Appalachian Fracking Boom Was a Jobs Bust, Finds New Report

February 17, 2021

The decade-long fracking boom in Appalachia has not led to significant job growth, and despite the region’s extraordinary levels of natural gas production, the industry’s promise of prosperity has “turned into almost nothing,” according to a new report.

The fracking boom has received broad support from politicians across the aisle in Appalachia due to dreams of enormous job creation, but a report released on February 10 from Pennsylvania-based economic and sustainability think tank, the Ohio River Valley Institute (ORVI), sheds new light on the reality of this hype.

The report looked at how 22 counties across West Virginia, Pennsylvania, and Ohio — accounting for 90 percent of the region’s natural gas production — fared during the fracking boom. It found that counties that saw the most drilling ended up with weaker job growth and declining populations compared to other parts of Appalachia and the nation as a whole.

Shale gas production from Appalachia exploded from minimal levels a little over a decade ago, to more than 32 billion cubic feet per day (Bcf/d) in 2019, or roughly 40 percent of the nation’s total output. During this time, between 2008 and 2019, GDP across these 22 counties grew three times faster than that of the nation as a whole. However, based on a variety of metrics for actual economic prosperity — such as job growth, population growth, and the region’s share of national income — the region fell further behind than the rest of the country.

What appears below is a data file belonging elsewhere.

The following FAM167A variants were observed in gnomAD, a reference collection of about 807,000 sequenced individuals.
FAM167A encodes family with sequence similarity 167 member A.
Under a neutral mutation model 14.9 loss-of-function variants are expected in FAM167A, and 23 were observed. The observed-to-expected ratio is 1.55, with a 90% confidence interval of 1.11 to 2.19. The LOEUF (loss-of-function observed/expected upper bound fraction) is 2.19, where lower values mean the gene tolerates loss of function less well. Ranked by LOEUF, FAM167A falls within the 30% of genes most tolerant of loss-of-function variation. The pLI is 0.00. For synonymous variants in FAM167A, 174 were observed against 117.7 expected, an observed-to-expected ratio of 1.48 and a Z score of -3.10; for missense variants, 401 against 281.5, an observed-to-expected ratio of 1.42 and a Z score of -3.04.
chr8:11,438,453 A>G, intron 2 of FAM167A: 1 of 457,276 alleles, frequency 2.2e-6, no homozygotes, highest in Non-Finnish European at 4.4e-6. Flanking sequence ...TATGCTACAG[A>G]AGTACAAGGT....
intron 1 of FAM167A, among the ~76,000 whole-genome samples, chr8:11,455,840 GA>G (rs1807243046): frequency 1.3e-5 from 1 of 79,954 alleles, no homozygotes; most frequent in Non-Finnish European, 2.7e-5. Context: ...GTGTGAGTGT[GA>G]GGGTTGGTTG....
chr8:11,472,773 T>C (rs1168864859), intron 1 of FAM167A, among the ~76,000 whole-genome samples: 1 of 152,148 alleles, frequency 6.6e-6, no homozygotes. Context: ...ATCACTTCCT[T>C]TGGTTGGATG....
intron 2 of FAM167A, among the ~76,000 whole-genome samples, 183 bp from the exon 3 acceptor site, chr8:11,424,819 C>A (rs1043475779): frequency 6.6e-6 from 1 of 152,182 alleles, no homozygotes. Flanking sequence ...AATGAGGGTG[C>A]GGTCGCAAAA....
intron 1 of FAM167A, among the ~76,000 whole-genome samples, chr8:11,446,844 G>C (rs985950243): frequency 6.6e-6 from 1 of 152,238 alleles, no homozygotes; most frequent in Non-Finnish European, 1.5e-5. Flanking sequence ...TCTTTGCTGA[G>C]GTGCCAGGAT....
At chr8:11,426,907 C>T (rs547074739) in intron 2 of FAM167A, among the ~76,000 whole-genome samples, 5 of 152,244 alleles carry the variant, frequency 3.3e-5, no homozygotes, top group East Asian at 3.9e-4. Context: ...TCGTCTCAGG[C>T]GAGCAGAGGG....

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Between 2008 and 2019, the number of jobs across the U.S. expanded by 10 percent, according to the ORVI report, but in Ohio, Pennsylvania, and West Virginia, job growth only grew by 4 percent. More glaringly, the 22 gas-producing counties in those three states — ground-zero for the drilling boom — only experienced 1.7 percent job growth.

“What’s really disturbing is that these disappointing results came about at a time when the region’s natural gas industry was operating at full capacity. So it’s hard to imagine a scenario in which the results would be better,” said Sean O’Leary, the report’s author.